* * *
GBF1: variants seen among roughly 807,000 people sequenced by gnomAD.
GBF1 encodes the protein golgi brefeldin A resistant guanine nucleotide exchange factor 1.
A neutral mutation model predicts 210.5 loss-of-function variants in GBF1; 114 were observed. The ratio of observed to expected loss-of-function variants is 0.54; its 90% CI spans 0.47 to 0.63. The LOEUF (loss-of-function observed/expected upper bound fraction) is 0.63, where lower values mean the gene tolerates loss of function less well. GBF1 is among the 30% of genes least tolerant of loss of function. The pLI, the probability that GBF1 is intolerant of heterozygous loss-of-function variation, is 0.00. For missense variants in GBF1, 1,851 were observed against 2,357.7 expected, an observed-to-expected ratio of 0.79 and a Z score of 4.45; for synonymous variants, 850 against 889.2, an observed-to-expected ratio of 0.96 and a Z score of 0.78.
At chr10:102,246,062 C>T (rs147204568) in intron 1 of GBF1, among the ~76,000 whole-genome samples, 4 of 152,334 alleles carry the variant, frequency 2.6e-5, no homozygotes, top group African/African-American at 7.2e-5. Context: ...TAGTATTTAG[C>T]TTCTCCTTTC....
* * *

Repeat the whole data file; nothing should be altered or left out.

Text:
GBF1: variants seen among roughly 807,000 people sequenced by gnomAD.
GBF1 encodes the protein golgi brefeldin A resistant guanine nucleotide exchange factor 1.
A neutral mutation model predicts 210.5 loss-of-function variants in GBF1; 114 were observed. The ratio of observed to expected loss-of-function variants is 0.54; its 90% CI spans 0.47 to 0.63. The LOEUF (loss-of-function observed/expected upper bound fraction) is 0.63, where lower values mean the gene tolerates loss of function less well. GBF1 is among the 30% of genes least tolerant of loss of function. The pLI, the probability that GBF1 is intolerant of heterozygous loss-of-function variation, is 0.00. For missense variants in GBF1, 1,851 were observed against 2,357.7 expected, an observed-to-expected ratio of 0.79 and a Z score of 4.45; for synonymous variants, 850 against 889.2, an observed-to-expected ratio of 0.96 and a Z score of 0.78.
At chr10:102,246,062 C>T (rs147204568) in intron 1 of GBF1, among the ~76,000 whole-genome samples, 4 of 152,334 alleles carry the variant, frequency 2.6e-5, no homozygotes, top group African/African-American at 7.2e-5. Context: ...TAGTATTTAG[C>T]TTCTCCTTTC....